`III. SAMPLING DISTRIBUTIONS`

`A. SAMPLE MEAN`

`1. POPULATION VARIANCE KNOWN`

`a. NORMAL POPULATION`

`The mean of, when x _{i} are iid with is found by exploiting the fact that expectation is a linear operator`

`The var of is found by exploiting
the same property`

`DISTRIBUTION OF `

`Suppose`

`The sample mean is a linear combination of random variables that are normally
distributed. We therefore conclude that`

`also`

`Example: Consider the population of errors in statistics books. We assume that
this r.v. is normally distributed. If we draw a sample of n = 9 from this population with= 20 and= 25. What is the probability thatwill exceed 22?`

`Note that as n increases, the variance ofdiminishes. Therefore`

`gets larger and the probability thatdiffers
from the population mean diminishes. Recall the weak law of large numbers.`

`b. NON-NORMAL POPULATIONS`

`Example: A machine produces 100 sneakers at a time. Because of air bubbles, etc.,
there is a probability of .1 that a randomly selected sneaker is defective. `

`The mean number of defectives in a production run is`

`the variance is `

`Using the CLT we assert that x, the number of defectives in a run, is a normal
random variable. Hence `

`If we were 'doubting Thomas' and did it using the binomial we would find`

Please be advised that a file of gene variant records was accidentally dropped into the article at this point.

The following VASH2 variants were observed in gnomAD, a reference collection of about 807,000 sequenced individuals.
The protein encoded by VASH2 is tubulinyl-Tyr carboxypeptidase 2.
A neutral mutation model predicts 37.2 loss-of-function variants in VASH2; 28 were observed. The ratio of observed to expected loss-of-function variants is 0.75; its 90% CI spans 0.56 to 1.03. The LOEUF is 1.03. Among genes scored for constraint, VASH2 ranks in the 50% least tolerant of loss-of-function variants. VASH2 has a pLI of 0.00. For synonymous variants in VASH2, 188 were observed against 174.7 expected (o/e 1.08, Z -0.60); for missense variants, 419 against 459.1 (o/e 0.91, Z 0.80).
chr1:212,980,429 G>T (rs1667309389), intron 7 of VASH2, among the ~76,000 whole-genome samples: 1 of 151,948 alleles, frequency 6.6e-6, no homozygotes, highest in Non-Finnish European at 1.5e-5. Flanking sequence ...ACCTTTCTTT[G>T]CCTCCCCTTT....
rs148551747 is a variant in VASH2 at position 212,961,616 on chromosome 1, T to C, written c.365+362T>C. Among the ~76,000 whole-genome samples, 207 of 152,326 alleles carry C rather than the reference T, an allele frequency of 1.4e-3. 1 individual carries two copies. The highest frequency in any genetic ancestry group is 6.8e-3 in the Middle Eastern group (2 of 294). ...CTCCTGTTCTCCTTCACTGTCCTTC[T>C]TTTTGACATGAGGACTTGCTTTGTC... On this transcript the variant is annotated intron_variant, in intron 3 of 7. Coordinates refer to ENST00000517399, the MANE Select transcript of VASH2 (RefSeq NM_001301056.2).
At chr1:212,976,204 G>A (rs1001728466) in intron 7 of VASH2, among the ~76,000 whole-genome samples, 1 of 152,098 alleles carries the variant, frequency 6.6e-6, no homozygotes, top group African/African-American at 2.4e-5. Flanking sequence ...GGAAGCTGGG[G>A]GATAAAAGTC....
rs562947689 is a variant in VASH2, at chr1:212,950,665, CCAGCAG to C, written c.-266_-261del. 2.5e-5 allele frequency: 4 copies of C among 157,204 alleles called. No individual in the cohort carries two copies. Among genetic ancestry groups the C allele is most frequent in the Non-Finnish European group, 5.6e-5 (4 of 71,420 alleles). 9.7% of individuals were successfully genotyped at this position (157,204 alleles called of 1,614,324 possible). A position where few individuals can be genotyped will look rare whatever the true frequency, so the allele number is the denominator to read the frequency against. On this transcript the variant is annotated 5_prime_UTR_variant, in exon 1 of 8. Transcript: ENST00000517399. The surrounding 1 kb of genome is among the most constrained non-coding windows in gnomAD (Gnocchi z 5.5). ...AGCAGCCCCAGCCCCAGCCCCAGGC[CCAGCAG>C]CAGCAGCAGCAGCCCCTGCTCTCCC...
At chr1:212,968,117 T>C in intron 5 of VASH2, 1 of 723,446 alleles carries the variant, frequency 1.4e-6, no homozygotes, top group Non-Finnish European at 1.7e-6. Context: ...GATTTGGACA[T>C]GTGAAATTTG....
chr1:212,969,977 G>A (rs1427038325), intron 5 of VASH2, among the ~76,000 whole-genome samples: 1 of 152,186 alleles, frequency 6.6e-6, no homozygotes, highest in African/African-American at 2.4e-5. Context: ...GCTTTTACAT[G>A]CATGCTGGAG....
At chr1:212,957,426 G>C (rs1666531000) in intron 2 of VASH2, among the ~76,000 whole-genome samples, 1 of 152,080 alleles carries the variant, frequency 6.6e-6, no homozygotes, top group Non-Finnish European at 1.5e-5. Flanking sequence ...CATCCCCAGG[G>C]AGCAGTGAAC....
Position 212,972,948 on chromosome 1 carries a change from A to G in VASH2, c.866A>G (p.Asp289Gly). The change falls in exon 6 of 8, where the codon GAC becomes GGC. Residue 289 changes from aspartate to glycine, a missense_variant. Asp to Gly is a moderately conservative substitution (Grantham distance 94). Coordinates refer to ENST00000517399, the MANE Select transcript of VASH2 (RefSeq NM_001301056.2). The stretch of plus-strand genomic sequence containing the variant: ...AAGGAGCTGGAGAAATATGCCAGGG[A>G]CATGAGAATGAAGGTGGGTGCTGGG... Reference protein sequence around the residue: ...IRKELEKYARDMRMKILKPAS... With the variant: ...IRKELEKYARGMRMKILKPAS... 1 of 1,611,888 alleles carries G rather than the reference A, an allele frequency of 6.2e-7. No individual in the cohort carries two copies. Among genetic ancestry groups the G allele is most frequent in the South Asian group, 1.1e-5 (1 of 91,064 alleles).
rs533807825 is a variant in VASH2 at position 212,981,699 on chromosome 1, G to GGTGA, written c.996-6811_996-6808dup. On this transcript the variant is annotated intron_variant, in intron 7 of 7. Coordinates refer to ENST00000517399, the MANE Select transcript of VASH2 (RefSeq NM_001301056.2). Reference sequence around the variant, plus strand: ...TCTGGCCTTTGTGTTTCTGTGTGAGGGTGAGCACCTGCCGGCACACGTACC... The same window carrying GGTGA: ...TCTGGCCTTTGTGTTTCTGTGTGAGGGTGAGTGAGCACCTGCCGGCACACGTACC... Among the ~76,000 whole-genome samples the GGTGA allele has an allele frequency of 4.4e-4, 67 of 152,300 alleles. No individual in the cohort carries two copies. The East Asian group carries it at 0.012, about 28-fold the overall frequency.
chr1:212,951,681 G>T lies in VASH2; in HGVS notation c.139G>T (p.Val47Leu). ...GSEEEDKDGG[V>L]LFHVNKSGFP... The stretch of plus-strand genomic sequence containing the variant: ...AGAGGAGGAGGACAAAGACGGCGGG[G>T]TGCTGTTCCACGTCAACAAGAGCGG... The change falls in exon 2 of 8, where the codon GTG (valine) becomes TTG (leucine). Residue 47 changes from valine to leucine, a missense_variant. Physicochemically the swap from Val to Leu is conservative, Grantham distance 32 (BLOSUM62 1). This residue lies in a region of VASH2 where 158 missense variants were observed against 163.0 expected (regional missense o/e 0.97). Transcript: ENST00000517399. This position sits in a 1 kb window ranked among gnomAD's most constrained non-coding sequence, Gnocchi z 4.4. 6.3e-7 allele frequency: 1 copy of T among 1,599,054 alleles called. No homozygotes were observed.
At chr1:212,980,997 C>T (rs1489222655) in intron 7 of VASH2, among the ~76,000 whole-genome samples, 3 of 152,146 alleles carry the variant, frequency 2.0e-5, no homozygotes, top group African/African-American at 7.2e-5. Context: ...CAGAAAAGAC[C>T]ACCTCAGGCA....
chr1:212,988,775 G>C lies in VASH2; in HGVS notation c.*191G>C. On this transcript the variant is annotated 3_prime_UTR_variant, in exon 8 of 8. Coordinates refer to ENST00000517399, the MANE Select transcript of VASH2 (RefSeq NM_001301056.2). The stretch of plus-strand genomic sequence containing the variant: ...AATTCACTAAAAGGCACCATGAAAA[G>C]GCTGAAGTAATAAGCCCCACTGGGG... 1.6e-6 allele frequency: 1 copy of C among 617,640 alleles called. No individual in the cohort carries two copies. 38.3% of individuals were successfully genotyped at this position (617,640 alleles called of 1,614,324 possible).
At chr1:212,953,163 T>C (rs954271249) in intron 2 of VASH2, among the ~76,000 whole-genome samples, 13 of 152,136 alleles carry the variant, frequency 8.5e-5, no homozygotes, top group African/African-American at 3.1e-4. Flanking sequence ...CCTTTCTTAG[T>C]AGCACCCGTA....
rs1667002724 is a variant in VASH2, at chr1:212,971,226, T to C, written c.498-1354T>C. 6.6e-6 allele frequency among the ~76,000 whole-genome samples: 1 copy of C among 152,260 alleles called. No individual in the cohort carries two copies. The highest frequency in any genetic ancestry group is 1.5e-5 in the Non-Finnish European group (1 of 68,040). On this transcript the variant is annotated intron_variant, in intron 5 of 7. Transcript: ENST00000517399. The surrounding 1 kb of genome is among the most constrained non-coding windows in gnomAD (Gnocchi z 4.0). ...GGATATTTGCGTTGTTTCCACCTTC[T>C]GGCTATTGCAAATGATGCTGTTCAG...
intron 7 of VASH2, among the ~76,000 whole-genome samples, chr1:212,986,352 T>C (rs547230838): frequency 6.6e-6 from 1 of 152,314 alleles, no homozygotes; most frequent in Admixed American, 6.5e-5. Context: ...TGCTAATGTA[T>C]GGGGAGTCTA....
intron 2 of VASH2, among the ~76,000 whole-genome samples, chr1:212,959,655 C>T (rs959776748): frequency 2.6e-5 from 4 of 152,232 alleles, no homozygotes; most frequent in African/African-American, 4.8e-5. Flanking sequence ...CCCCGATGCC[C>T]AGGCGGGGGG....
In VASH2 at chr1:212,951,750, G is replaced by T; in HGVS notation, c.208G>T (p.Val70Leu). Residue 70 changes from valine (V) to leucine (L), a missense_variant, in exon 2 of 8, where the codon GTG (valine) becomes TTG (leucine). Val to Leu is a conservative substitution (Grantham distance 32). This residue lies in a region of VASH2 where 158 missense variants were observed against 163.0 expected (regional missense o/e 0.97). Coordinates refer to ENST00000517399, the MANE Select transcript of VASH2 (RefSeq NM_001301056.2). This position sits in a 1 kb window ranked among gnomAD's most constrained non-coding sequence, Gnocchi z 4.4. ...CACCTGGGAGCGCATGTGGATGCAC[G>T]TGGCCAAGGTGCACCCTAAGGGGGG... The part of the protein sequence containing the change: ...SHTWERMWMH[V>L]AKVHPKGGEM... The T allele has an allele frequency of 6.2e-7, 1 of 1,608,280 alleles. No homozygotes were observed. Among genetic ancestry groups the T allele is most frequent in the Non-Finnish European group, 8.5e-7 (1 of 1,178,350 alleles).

`Which is a fair approximation? `

`The following flow diagram should aid you deciding when to use the binomial and
when to rely on the normal as an approximation.
`

`III. A.2. a. POPULATION VARIANCE UNKNOWN, NORMAL POPULATION`

`Consider the possibility that we do not know the population variance but do know
that our random variable has a normal distribution. Fortunately we have s ^{2}, the sample variance, which might serve as a
reasonable approximation of . Consequently,
we construct the new random variable`

`Note: 1. The expected value of this is still zero.`

`2. We have added some uncertainty in using s ^{2}
to approximate. In fact, the variance
depends on the sample size.`

`As a side note: Recall`

`and we can show`

`Let us divide theby its degrees of
freedom`

`and take its square root`

`Now consider dividing our N(0, 1) by our`

`to get`

`After canceling terms and rearranging we get`

`Example: Acreage sales are normal. For any given year suppose that the mean
acreage per sale in a particular state is known to be 100. We have calculated s to be 20
from a sample of n = 9. What is the probability that our sample mean will exceed 109?`

`III. A.2. b. NON NORMAL POPULATION`

`If the population is non-normal andis
unknown then there is little that we can say, in a probabilistic sense, about the outcome
of a sampling experiment. However, real life is not the same as theory and you will often
see people using a t or normal probability table if the sample is reasonably large. This
is wrong!
`

`III.B.1. DISTRIBUTION OF s ^{2} `

`Assume `

`Recall`

`where`

`or`

`Note`

`recall `

`Also`

`We therefore conclude the following`

*Example:* Find s^{2} when n = 17, = 40

`From the chi square tables we find 'a' = 19.4`

`III.B.2. DISTRIBUTION OF s _{1}^{2}/s_{2}^{2}`

`Assume`

`Recall`